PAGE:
The annual holiday season starts Thursday with turkey and ends with bubbly drinks on New Year’s Day. During the next five weeks, we will sit down to sumptuous feasts, brave Homer crowds as we shop locally, ponder the mystery of the season, go to church, hold bonfires, sing and celebrate with a variety of traditions. How do people honor the spirit of the holiday season? How do families, individuals and groups show gratitude? In these short stories, we look at how some area residents embrace Thanksgiving and keep the spirit of the holiday alive all year long.
The Jansen family, Anchor Point
Looking through the toys, clothes and other belongings acquired by her five children, Beth Jansen of Anchor Point suggested they sell what they no longer used. Pointing out to Mercedes, 17, Savannah, 10, Isabella, 7, Olivia, 4, and Mitchel, six months, that “less is more,” Jansen promised them they could have whatever money they made.
After two weeks and selling $218 worth of dollhouses, unused school supplies, winter boots, hats, mittens, stuffed animals and other items through a Facebook garage sale group, the young entrepreneurs faced the question of how they should spend their earnings.
“They didn’t really need anything and they asked ‘Do we have to buy something for ourselves just because we have the money?’” said Jansen. “Then one of them suggested maybe spending on a canned food drive at school, so they decided to use all of it. We bought $218 worth of food and they donated it to their classroom.”
For the last two weeks, Chapman School — the Anchor Point school Savannah, Isabella and Olivia attend — has held a food drive benefiting the Veterans of Foreign Wars Post 10221 Thanksgiving basket program. Lila Little, the school’s interventionist, coordinates the school’s participation.
Shopping the sales at Safeway and Save U More, Jansen and her daughter Savannah purchased enough that they also received two free turkeys. The food purchased by the Jansen family makes up about one-third of what was collected at Chapman this year.
“We’re pretty excited about this. I can’t even walk behind my desk,” said Little of the 724 food items stored in her work area until members of the VFW picked it up on Friday.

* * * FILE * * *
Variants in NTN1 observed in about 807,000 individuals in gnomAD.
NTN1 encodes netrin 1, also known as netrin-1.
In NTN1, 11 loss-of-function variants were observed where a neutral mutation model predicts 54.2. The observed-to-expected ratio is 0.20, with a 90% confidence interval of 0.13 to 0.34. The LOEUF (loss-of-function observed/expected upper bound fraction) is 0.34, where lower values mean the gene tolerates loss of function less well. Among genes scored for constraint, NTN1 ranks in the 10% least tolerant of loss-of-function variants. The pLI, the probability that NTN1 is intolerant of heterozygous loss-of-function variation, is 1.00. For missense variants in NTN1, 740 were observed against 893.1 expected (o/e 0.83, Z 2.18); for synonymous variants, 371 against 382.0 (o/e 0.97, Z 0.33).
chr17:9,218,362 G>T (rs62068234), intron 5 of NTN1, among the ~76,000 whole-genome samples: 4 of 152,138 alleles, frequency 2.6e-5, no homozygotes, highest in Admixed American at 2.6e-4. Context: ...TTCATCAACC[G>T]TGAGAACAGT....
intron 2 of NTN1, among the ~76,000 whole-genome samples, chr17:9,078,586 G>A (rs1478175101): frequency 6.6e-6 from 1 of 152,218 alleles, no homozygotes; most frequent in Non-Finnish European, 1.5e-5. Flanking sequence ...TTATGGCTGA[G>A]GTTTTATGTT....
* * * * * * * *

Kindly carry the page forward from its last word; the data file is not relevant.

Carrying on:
After Jansen shared on Facebook what her family had done, friends began responding, letting the children know the significance of their gift.
“You are going to make some people very happy this year.”
“This brings tears to my eyes.”
“This is the most amazing thing I’ve read or seen in months.”
It isn’t the first time the Jansen family has put others first. When Mercedes was nine or 10, she asked guests to bring a donation for the animal shelter rather than a present for her. In the spring and fall, local school classes visit the family’s home on the Old Sterling Highway to spend time with their farm animals and garden. At Christmas, the Jansens have a tradition of baking more than 50 dozen cookies – each child gets to pick out a favorite recipe — and then delivering them while they go caroling in Nikolaevsk, Anchor Point and Homer.
Jansen knows personally how valuable the help of others can be.
“When I only had one child, there was a time when I was by myself, working two jobs, having a hard time paying the bills and the house payment was months behind,” said Jansen. “It was really horrible.”
She recalled the morning she woke up, it was twenty-degrees below zero in the Palmer area where she and her daughter were living, the water was frozen and the phone had been disconnected.
“I had to dress my daughter in her snowsuit and walk to the neighbors to use the phone so I could call my dad to come thaw the pipes and I thought, ‘How can it get any worse?’” said Jansen.
Her family came to her rescue, as did friends who paid the electric bill so she didn’t lose her lights.
“You don’t forget that. It’s a great experience, but at the time you think it’s never going to get better,” said Jansen. Surrounded by her husband and smiling children, she added, ‘That’s the thing about giving. It helps everybody.”
Trisha Davis, Nikolaevsk
After three weeks serving as a Red Cross volunteer staff wellness nurse supervisor in areas of New York hit by Hurricane Sandy, Trisha Davis was due to return to her Nikolaevsk home Wednesday. After being thousands of miles away, she’ll celebrate Thanksgiving with her husband, Chuck, her 92-year-old mother and friends.
“We don’t do a whole lot on Thanksgiving. We don’t have family with us, it’s just us, so we’re always happy to be with friends in the community,” said Davis. “This year, in particular, I’m just thankful to be home.”
Davis was a reservist with the U.S. Army for 24 years and had just retired when the 9-11 attacks happened. Her husband also had retired from the Army.
“My husband and I looked at each other and said, ‘Now what do we do?’” said Davis.
Still at an age when she could have re-enlisted for another three years, Davis and her husband decided to wait on their response until it was clear if war was going to be waged on U.S. soil.
“If we were going to war on our own land, then I’d go back in (the Army). I’d be needed and it would be necessary, but that didn’t happen, so I decided that I’d try to get in with the Red Cross,” said Davis.
Volunteering runs deep in the Davis family. Chuck Davis has been a Hospice of Homer volunteer for the past two years. Several years ago, the couple’s daughter and son-in-law, Holly and John Chavez, and their five children were being transferred from Korea, where John Chavez was stationed with the U.S. Army, to El Paso. During the process, the Chavez family was nominated for “Volunteer Army Family of the Year for Korea.” However, the volunteer efforts of all seven family members elevated their recognition to “Volunteer Army Family of the Year.”